Throughout the date, the issue of whether or not Peter is "ready" for marriage comes up. Rachel talks about it with Peter's mom, who says that her son is ready for a "commitment" but not necessarily a proposal. Personally, I think it's completely normal to have doubts about marrying someone you just met on reality TV, but Rachel has been through this song-and-dance before and needs someone who can lock it down.
I'm half expecting the drama with Peter to be a misdirection—they could be engaged as we speak!—but it seems more likely that it's setting up Peter to become the next Bachelor.
The last hometown brings us to Aspen, Colorado to meet Dean's doozy of a family. Poor Dean. It seems nightmarish to be forced to "work though" your estranged relationship with your father, who is a white Sikh, in front of millions of people. (Dean's father took on the name "Paramroop" when he converted to the religion.)
When Dean and Rachel walk into Paramroop's house all seems well at first. Paramroop is presumably trying to be a good sport for the show and welcome the couple in warmly, cleansing the room by playing a gong. If it was up to him, everyone would have exchanged surface pleasantries and eaten the slop he served for dinner in peace. But Dean can't stand the suffocating front, and this is, after all, reality TV: The father and son start to get into their past issues, which seem far too entrenched to cover in one night. Dean says his father virtually abandoned him after his mother died. His father says he didn't know how to emotionally care for the family and just did his best to materially provide for everyone. Dean pushes the issue but his father starts shutting down—it's clear that he doesn't want the conversation to take place on camera—and eventually storms off. It's heartbreaking to watch.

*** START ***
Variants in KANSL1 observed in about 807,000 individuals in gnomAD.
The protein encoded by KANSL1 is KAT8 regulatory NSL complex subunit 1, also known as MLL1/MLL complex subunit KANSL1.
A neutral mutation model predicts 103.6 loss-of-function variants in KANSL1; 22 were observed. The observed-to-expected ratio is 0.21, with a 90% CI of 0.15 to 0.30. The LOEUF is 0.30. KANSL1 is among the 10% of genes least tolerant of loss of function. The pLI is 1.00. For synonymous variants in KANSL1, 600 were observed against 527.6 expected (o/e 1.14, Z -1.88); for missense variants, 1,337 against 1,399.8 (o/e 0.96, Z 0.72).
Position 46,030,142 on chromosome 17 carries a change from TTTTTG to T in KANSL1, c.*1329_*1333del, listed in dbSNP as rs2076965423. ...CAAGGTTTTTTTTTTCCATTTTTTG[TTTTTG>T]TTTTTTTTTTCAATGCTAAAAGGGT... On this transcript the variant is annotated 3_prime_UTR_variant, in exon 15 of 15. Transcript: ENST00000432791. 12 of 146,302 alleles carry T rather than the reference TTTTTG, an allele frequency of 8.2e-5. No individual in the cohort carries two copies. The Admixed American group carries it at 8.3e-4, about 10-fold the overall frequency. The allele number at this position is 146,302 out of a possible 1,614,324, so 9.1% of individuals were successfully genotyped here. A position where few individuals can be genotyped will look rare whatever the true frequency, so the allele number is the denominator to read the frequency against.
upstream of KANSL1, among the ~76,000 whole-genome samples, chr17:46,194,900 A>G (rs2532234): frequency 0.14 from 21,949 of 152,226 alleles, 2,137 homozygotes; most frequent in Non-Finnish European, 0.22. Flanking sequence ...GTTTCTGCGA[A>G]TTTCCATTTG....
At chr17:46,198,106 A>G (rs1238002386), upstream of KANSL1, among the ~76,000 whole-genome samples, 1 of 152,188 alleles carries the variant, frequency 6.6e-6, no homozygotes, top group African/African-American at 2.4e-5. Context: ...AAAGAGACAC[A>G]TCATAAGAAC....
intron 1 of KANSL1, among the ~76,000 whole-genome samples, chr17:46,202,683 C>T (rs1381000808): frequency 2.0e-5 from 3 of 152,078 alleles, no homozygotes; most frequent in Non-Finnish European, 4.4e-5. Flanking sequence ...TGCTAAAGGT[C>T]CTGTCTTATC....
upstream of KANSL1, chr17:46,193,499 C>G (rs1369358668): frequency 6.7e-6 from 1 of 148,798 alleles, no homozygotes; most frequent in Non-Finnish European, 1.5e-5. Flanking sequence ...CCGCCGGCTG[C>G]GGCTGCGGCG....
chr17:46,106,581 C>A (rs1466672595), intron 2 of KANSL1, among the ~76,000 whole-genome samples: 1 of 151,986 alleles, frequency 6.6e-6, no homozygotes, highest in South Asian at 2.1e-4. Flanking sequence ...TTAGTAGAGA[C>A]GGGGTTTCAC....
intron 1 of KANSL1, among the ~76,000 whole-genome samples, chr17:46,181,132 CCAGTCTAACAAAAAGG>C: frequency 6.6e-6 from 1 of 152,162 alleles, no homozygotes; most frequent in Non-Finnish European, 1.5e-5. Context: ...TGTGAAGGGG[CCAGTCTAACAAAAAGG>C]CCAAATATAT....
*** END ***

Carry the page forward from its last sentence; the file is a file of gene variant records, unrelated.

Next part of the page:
In the aftermath, Dean lies on some pillows that his father has scattered on the floor (Paramroop doesn't have a table or chairs). Rachel approaches Dean and tries to comfort him as Dean starts to cry. "I'm falling in love with you," Dean says. "I'm falling in love with you too," Rachel replies.
Whew! How is Rachel going to send any of these guys home? At this point, it makes the most sense for Rachel to call off the show and commit to a polyamorous relationship with all the men.
Rachel clearly feels the toll of the show's maniacal set up. She says she's falling in love with all four of the remaining contestants and struggling with the fact that she has to send one home. She tells Chris Harrison that she feels bad about being forced to be "selfish" to get what she wants. And, as the rose ceremony reveals, it turns out what she wants is not Dean.
It's hard for Dean to wrap his head around how one day Rachel can say she's falling in love with him and the next let him go, but I think I get it. I imagine it's like when you find several pairs of shoes that you adore and each pair costs more than $100. You can't buy them all, so you have to decide which you like best. But they're all so different! One is a furry mule, another is a patent leather, block heel boot, another is a minimalist glove shoe. While the decision sucks and temporarily drives you mad— because you really could see yourself wearing a shoe covered in fur on multiple occasions or a 60s-inspired boot with your vintage dresses—you have to go with the shoe that you could see yourself in everyday. Except the shoes are real, live people who will be crushed when they don't end up going home with you, which is why The Bachelorette is fucking satanic.